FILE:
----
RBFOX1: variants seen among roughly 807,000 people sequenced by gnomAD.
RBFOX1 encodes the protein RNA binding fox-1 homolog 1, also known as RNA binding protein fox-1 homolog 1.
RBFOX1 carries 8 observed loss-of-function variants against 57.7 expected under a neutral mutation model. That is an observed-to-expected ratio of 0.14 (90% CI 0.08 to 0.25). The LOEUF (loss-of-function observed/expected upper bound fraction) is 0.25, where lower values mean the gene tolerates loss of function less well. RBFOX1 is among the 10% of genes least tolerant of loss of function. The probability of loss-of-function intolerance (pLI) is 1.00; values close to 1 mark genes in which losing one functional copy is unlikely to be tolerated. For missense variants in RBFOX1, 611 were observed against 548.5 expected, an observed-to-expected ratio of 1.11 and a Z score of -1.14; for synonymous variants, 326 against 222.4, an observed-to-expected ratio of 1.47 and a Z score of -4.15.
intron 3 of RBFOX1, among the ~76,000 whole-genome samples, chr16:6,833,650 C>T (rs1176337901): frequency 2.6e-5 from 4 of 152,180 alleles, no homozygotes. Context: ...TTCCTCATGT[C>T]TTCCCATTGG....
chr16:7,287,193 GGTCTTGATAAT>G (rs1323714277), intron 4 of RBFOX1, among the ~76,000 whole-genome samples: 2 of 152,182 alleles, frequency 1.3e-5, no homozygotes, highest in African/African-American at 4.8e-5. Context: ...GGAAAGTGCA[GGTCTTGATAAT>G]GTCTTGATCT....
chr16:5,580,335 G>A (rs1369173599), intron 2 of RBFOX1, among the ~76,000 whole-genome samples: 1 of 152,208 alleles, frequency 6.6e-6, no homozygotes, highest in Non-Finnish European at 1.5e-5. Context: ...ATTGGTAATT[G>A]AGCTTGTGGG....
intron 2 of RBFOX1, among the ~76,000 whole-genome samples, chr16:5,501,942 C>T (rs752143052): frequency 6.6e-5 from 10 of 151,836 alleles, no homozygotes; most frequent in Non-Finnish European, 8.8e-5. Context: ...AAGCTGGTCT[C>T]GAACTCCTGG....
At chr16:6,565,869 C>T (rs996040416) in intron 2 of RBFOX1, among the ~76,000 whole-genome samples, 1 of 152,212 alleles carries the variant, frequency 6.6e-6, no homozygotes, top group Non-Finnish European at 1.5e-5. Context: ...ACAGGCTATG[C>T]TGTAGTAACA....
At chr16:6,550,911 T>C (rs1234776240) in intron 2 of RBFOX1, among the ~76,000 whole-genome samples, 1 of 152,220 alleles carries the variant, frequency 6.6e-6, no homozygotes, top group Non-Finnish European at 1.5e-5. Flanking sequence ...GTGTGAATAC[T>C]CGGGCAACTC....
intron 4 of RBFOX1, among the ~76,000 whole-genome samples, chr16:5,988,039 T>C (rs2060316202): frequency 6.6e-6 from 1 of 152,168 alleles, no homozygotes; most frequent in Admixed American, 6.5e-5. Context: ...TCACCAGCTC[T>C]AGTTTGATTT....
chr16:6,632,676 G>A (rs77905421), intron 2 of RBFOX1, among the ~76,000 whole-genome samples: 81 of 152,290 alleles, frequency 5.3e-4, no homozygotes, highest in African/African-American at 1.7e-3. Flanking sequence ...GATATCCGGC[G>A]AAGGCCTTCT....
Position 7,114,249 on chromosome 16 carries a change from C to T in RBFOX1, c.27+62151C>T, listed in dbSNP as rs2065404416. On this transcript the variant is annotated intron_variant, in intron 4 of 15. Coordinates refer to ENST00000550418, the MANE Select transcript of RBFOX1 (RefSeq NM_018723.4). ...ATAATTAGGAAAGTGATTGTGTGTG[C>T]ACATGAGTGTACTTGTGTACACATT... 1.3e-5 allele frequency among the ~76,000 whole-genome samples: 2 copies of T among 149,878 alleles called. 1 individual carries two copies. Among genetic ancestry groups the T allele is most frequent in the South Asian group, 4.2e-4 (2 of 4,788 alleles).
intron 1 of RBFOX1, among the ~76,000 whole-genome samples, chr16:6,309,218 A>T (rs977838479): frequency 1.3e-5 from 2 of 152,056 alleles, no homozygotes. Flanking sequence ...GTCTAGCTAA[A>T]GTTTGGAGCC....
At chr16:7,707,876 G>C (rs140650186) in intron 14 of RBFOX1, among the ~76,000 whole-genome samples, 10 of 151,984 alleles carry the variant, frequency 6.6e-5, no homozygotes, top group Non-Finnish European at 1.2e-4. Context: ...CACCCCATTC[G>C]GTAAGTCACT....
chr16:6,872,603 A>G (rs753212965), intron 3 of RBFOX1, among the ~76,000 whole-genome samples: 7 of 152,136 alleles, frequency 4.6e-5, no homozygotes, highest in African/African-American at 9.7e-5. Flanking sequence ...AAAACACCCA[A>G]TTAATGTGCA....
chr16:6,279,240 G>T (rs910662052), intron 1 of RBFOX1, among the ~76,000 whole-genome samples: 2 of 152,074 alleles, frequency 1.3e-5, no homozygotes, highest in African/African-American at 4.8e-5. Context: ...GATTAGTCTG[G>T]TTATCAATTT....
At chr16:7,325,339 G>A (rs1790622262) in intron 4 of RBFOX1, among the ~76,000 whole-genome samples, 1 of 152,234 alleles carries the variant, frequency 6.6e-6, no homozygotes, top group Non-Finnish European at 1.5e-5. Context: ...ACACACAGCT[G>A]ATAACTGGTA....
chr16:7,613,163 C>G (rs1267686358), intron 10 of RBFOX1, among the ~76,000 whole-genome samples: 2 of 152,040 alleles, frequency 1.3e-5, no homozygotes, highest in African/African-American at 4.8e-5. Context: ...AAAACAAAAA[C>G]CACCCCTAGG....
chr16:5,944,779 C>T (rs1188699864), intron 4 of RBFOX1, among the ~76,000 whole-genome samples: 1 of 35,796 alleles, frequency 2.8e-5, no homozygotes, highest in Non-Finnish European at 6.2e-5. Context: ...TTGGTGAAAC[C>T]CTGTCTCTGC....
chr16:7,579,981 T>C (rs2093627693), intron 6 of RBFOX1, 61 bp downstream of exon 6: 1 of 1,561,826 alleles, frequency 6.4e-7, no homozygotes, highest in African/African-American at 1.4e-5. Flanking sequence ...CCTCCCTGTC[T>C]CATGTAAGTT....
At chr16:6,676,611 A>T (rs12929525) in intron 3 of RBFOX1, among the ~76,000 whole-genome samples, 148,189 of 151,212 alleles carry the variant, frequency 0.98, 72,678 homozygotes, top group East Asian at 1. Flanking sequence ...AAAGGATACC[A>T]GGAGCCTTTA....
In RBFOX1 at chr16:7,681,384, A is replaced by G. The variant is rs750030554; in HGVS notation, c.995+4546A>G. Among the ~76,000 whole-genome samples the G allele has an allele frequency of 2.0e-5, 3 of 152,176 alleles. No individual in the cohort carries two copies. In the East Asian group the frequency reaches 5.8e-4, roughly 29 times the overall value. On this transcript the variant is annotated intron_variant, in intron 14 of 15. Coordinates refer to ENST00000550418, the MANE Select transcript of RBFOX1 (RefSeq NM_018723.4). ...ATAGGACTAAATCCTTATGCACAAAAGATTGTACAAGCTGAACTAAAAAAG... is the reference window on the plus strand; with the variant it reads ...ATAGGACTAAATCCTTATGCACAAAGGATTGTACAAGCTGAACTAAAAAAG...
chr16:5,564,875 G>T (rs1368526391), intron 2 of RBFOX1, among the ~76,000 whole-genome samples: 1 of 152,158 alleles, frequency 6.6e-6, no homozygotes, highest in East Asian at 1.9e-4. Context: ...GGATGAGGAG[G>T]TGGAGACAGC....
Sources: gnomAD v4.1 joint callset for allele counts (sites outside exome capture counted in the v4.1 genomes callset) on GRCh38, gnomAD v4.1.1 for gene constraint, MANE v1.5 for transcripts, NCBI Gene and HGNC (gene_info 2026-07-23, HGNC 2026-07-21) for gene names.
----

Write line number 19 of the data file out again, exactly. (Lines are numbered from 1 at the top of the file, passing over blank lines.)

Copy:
chr16:5,944,779 C>T (rs1188699864), intron 4 of RBFOX1, among the ~76,000 whole-genome samples: 1 of 35,796 alleles, frequency 2.8e-5, no homozygotes, highest in Non-Finnish European at 6.2e-5. Context: ...TTGGTGAAAC[C>T]CTGTCTCTGC....